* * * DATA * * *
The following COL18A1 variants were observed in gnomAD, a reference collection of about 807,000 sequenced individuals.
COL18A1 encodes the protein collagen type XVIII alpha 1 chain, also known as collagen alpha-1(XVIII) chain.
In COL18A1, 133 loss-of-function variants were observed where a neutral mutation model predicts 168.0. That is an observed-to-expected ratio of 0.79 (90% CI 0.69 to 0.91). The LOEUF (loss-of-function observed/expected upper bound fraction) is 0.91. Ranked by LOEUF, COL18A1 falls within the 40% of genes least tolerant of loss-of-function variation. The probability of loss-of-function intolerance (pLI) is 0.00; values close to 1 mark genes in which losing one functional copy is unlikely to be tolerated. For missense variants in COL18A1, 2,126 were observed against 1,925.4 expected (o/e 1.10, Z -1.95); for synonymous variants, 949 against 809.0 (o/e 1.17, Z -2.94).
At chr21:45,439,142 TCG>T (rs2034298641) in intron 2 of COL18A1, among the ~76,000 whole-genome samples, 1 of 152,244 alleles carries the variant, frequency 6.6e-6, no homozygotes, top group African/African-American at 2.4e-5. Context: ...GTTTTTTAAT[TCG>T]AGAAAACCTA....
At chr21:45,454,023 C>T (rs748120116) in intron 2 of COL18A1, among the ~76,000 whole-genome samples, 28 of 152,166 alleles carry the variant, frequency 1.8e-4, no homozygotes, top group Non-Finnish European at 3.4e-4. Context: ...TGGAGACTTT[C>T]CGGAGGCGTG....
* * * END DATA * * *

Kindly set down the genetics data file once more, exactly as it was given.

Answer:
The following COL18A1 variants were observed in gnomAD, a reference collection of about 807,000 sequenced individuals.
COL18A1 encodes the protein collagen type XVIII alpha 1 chain, also known as collagen alpha-1(XVIII) chain.
In COL18A1, 133 loss-of-function variants were observed where a neutral mutation model predicts 168.0. That is an observed-to-expected ratio of 0.79 (90% CI 0.69 to 0.91). The LOEUF (loss-of-function observed/expected upper bound fraction) is 0.91. Ranked by LOEUF, COL18A1 falls within the 40% of genes least tolerant of loss-of-function variation. The probability of loss-of-function intolerance (pLI) is 0.00; values close to 1 mark genes in which losing one functional copy is unlikely to be tolerated. For missense variants in COL18A1, 2,126 were observed against 1,925.4 expected (o/e 1.10, Z -1.95); for synonymous variants, 949 against 809.0 (o/e 1.17, Z -2.94).
At chr21:45,439,142 TCG>T (rs2034298641) in intron 2 of COL18A1, among the ~76,000 whole-genome samples, 1 of 152,244 alleles carries the variant, frequency 6.6e-6, no homozygotes, top group African/African-American at 2.4e-5. Context: ...GTTTTTTAAT[TCG>T]AGAAAACCTA....
At chr21:45,454,023 C>T (rs748120116) in intron 2 of COL18A1, among the ~76,000 whole-genome samples, 28 of 152,166 alleles carry the variant, frequency 1.8e-4, no homozygotes, top group Non-Finnish European at 3.4e-4. Context: ...TGGAGACTTT[C>T]CGGAGGCGTG....